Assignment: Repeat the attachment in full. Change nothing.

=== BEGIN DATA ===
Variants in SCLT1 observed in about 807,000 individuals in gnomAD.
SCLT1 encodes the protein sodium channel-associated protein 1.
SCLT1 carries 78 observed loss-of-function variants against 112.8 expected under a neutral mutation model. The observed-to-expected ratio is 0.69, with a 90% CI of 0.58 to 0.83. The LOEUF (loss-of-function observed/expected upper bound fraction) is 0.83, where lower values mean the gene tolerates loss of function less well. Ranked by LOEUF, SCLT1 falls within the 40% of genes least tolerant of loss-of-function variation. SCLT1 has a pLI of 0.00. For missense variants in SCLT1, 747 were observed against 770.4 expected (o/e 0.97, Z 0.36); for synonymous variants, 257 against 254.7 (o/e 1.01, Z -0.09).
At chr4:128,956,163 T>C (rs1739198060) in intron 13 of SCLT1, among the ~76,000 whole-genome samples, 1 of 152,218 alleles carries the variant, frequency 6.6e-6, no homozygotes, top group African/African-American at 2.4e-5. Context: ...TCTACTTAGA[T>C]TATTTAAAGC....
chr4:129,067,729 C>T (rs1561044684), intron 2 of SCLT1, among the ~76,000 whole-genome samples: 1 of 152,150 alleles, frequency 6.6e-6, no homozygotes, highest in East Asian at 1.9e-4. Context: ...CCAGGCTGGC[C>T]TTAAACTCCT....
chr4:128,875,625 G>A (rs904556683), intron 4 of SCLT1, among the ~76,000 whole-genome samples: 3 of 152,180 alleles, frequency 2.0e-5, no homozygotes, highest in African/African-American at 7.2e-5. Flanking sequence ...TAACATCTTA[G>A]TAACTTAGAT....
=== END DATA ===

Variants in SCLT1 observed in about 807,000 individuals in gnomAD.
SCLT1 encodes the protein sodium channel-associated protein 1.
SCLT1 carries 78 observed loss-of-function variants against 112.8 expected under a neutral mutation model. The observed-to-expected ratio is 0.69, with a 90% CI of 0.58 to 0.83. The LOEUF (loss-of-function observed/expected upper bound fraction) is 0.83, where lower values mean the gene tolerates loss of function less well. Ranked by LOEUF, SCLT1 falls within the 40% of genes least tolerant of loss-of-function variation. SCLT1 has a pLI of 0.00. For missense variants in SCLT1, 747 were observed against 770.4 expected (o/e 0.97, Z 0.36); for synonymous variants, 257 against 254.7 (o/e 1.01, Z -0.09).
At chr4:128,956,163 T>C (rs1739198060) in intron 13 of SCLT1, among the ~76,000 whole-genome samples, 1 of 152,218 alleles carries the variant, frequency 6.6e-6, no homozygotes, top group African/African-American at 2.4e-5. Context: ...TCTACTTAGA[T>C]TATTTAAAGC....
chr4:129,067,729 C>T (rs1561044684), intron 2 of SCLT1, among the ~76,000 whole-genome samples: 1 of 152,150 alleles, frequency 6.6e-6, no homozygotes, highest in East Asian at 1.9e-4. Context: ...CCAGGCTGGC[C>T]TTAAACTCCT....
chr4:128,875,625 G>A (rs904556683), intron 4 of SCLT1, among the ~76,000 whole-genome samples: 3 of 152,180 alleles, frequency 2.0e-5, no homozygotes, highest in African/African-American at 7.2e-5. Flanking sequence ...TAACATCTTA[G>A]TAACTTAGAT....